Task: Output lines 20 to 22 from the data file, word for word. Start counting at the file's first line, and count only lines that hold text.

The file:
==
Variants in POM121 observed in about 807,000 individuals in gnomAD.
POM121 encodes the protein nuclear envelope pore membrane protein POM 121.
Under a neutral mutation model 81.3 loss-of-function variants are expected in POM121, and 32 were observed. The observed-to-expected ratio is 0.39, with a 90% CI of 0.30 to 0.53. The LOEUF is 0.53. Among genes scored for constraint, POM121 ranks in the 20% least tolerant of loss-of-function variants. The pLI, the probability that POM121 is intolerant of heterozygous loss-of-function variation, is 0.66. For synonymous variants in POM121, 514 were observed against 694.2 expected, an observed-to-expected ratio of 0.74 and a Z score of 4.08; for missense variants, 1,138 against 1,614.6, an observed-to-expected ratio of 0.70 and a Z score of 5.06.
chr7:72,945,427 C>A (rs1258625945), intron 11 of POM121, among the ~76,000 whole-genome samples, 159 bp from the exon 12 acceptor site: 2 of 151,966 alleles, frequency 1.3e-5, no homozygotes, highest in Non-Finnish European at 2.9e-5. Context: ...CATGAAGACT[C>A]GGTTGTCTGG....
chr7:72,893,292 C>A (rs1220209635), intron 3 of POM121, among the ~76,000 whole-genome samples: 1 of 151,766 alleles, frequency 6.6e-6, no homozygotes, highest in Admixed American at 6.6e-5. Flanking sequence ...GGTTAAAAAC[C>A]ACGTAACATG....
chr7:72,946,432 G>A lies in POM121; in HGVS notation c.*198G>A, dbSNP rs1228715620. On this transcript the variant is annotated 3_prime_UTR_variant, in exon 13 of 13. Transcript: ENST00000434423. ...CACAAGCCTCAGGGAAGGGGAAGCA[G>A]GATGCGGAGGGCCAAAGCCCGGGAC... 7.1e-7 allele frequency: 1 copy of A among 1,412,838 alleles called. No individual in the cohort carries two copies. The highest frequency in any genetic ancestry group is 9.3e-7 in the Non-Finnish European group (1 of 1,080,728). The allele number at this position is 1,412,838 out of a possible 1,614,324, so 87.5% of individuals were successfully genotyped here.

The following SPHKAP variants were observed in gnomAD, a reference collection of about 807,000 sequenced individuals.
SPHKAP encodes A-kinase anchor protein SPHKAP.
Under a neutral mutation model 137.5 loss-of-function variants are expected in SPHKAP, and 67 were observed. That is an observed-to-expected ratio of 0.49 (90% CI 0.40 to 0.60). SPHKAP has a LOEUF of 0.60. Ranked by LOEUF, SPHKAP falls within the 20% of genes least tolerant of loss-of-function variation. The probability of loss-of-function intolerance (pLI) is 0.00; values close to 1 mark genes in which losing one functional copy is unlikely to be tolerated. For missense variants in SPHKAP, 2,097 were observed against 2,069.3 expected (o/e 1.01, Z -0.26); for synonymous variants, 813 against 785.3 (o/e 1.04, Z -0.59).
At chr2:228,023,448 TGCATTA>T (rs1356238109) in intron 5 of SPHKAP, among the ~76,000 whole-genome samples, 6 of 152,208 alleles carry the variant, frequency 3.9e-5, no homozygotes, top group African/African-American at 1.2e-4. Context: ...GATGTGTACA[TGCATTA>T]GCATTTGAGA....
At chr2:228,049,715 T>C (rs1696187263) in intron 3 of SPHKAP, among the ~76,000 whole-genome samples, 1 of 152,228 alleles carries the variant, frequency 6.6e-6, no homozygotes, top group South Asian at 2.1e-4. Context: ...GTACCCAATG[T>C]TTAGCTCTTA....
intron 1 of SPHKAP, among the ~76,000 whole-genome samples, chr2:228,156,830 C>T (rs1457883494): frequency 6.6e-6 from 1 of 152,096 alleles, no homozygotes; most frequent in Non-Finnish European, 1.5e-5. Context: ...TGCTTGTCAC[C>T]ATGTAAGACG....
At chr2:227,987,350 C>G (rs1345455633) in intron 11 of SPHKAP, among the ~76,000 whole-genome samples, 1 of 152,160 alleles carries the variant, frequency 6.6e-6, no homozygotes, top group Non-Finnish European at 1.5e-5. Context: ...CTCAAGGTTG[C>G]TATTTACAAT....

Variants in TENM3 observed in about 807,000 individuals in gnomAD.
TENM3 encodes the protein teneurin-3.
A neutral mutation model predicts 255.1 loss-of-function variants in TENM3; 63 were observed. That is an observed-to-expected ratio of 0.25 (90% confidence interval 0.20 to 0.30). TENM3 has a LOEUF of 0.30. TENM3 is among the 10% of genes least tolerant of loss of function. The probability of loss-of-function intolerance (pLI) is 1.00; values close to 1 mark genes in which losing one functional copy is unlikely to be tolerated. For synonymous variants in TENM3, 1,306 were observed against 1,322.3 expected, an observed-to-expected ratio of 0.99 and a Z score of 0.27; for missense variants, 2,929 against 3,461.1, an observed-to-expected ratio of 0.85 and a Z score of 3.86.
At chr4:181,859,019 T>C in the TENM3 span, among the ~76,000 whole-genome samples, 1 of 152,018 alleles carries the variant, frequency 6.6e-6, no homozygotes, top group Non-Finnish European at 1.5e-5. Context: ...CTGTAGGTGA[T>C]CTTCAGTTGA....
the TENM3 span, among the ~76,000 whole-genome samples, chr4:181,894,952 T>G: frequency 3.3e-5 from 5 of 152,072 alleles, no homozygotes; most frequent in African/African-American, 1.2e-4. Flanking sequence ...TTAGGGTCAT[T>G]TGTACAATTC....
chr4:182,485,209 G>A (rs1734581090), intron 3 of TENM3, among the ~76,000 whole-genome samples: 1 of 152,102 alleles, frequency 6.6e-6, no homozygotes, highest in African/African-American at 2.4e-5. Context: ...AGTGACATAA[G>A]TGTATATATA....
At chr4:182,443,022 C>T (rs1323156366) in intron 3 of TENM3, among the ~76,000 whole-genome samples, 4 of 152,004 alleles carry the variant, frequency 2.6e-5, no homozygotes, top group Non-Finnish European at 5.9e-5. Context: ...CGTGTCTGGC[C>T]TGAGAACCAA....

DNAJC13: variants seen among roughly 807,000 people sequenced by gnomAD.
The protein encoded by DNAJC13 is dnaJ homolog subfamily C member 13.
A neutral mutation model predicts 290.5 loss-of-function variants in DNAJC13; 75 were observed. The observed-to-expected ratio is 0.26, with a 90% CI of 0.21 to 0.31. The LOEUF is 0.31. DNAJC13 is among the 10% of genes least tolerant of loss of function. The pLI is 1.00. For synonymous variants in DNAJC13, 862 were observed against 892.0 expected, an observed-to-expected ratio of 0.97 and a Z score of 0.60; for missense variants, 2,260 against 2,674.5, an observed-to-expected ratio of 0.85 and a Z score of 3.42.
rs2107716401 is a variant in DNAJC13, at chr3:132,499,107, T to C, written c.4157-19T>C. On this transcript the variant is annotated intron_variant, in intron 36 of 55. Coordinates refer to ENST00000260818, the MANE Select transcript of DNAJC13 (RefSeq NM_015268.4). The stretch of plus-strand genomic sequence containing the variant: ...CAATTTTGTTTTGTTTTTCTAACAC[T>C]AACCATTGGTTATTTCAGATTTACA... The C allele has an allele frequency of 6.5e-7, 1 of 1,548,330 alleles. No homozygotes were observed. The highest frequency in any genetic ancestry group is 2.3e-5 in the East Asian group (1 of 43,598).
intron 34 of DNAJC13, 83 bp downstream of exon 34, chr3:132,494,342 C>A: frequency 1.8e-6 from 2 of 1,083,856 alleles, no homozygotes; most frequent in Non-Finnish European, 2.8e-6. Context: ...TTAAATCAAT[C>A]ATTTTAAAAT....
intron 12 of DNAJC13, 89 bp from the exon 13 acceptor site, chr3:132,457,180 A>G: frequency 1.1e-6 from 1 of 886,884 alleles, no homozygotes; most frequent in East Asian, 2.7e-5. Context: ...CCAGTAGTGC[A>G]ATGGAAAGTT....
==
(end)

At chr4:182,443,022 C>T (rs1323156366) in intron 3 of TENM3, among the ~76,000 whole-genome samples, 4 of 152,004 alleles carry the variant, frequency 2.6e-5, no homozygotes, top group Non-Finnish European at 5.9e-5. Context: ...CGTGTCTGGC[C>T]TGAGAACCAA....

DNAJC13: variants seen among roughly 807,000 people sequenced by gnomAD.
The protein encoded by DNAJC13 is dnaJ homolog subfamily C member 13.